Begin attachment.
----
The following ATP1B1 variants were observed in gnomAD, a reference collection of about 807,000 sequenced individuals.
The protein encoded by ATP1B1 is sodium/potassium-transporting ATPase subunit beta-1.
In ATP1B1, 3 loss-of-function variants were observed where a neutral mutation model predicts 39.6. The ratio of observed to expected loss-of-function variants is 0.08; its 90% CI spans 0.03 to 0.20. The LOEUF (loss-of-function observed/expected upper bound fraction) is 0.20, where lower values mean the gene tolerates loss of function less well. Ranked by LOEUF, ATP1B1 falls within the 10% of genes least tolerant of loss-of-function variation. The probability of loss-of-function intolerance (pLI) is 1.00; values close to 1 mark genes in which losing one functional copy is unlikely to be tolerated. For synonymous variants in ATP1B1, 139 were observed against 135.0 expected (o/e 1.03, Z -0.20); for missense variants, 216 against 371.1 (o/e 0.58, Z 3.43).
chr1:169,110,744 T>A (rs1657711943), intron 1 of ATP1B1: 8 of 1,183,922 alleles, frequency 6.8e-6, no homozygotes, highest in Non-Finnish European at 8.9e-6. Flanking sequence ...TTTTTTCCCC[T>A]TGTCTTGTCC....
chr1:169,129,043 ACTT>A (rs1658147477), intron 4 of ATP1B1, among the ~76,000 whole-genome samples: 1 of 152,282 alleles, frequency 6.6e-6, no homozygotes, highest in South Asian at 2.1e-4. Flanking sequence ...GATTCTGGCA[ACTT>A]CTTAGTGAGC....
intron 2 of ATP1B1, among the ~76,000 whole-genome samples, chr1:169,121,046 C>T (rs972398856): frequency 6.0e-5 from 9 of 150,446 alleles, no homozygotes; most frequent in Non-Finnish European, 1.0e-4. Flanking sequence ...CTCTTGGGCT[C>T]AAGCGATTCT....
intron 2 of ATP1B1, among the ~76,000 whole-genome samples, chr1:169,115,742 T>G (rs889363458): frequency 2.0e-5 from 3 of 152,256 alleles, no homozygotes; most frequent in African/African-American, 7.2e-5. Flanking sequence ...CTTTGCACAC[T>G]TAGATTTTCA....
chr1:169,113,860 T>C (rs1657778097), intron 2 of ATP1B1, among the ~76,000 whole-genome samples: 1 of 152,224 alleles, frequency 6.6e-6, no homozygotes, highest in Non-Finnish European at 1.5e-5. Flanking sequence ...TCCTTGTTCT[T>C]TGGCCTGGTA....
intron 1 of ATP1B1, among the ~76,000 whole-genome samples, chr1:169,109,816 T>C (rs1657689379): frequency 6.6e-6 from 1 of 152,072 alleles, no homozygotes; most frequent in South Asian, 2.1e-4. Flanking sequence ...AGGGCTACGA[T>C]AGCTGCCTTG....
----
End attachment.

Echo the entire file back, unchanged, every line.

The following ATP1B1 variants were observed in gnomAD, a reference collection of about 807,000 sequenced individuals.
The protein encoded by ATP1B1 is sodium/potassium-transporting ATPase subunit beta-1.
In ATP1B1, 3 loss-of-function variants were observed where a neutral mutation model predicts 39.6. The ratio of observed to expected loss-of-function variants is 0.08; its 90% CI spans 0.03 to 0.20. The LOEUF (loss-of-function observed/expected upper bound fraction) is 0.20, where lower values mean the gene tolerates loss of function less well. Ranked by LOEUF, ATP1B1 falls within the 10% of genes least tolerant of loss-of-function variation. The probability of loss-of-function intolerance (pLI) is 1.00; values close to 1 mark genes in which losing one functional copy is unlikely to be tolerated. For synonymous variants in ATP1B1, 139 were observed against 135.0 expected (o/e 1.03, Z -0.20); for missense variants, 216 against 371.1 (o/e 0.58, Z 3.43).
chr1:169,110,744 T>A (rs1657711943), intron 1 of ATP1B1: 8 of 1,183,922 alleles, frequency 6.8e-6, no homozygotes, highest in Non-Finnish European at 8.9e-6. Flanking sequence ...TTTTTTCCCC[T>A]TGTCTTGTCC....
chr1:169,129,043 ACTT>A (rs1658147477), intron 4 of ATP1B1, among the ~76,000 whole-genome samples: 1 of 152,282 alleles, frequency 6.6e-6, no homozygotes, highest in South Asian at 2.1e-4. Flanking sequence ...GATTCTGGCA[ACTT>A]CTTAGTGAGC....
intron 2 of ATP1B1, among the ~76,000 whole-genome samples, chr1:169,121,046 C>T (rs972398856): frequency 6.0e-5 from 9 of 150,446 alleles, no homozygotes; most frequent in Non-Finnish European, 1.0e-4. Flanking sequence ...CTCTTGGGCT[C>T]AAGCGATTCT....
intron 2 of ATP1B1, among the ~76,000 whole-genome samples, chr1:169,115,742 T>G (rs889363458): frequency 2.0e-5 from 3 of 152,256 alleles, no homozygotes; most frequent in African/African-American, 7.2e-5. Flanking sequence ...CTTTGCACAC[T>G]TAGATTTTCA....
chr1:169,113,860 T>C (rs1657778097), intron 2 of ATP1B1, among the ~76,000 whole-genome samples: 1 of 152,224 alleles, frequency 6.6e-6, no homozygotes, highest in Non-Finnish European at 1.5e-5. Flanking sequence ...TCCTTGTTCT[T>C]TGGCCTGGTA....
intron 1 of ATP1B1, among the ~76,000 whole-genome samples, chr1:169,109,816 T>C (rs1657689379): frequency 6.6e-6 from 1 of 152,072 alleles, no homozygotes; most frequent in South Asian, 2.1e-4. Flanking sequence ...AGGGCTACGA[T>C]AGCTGCCTTG....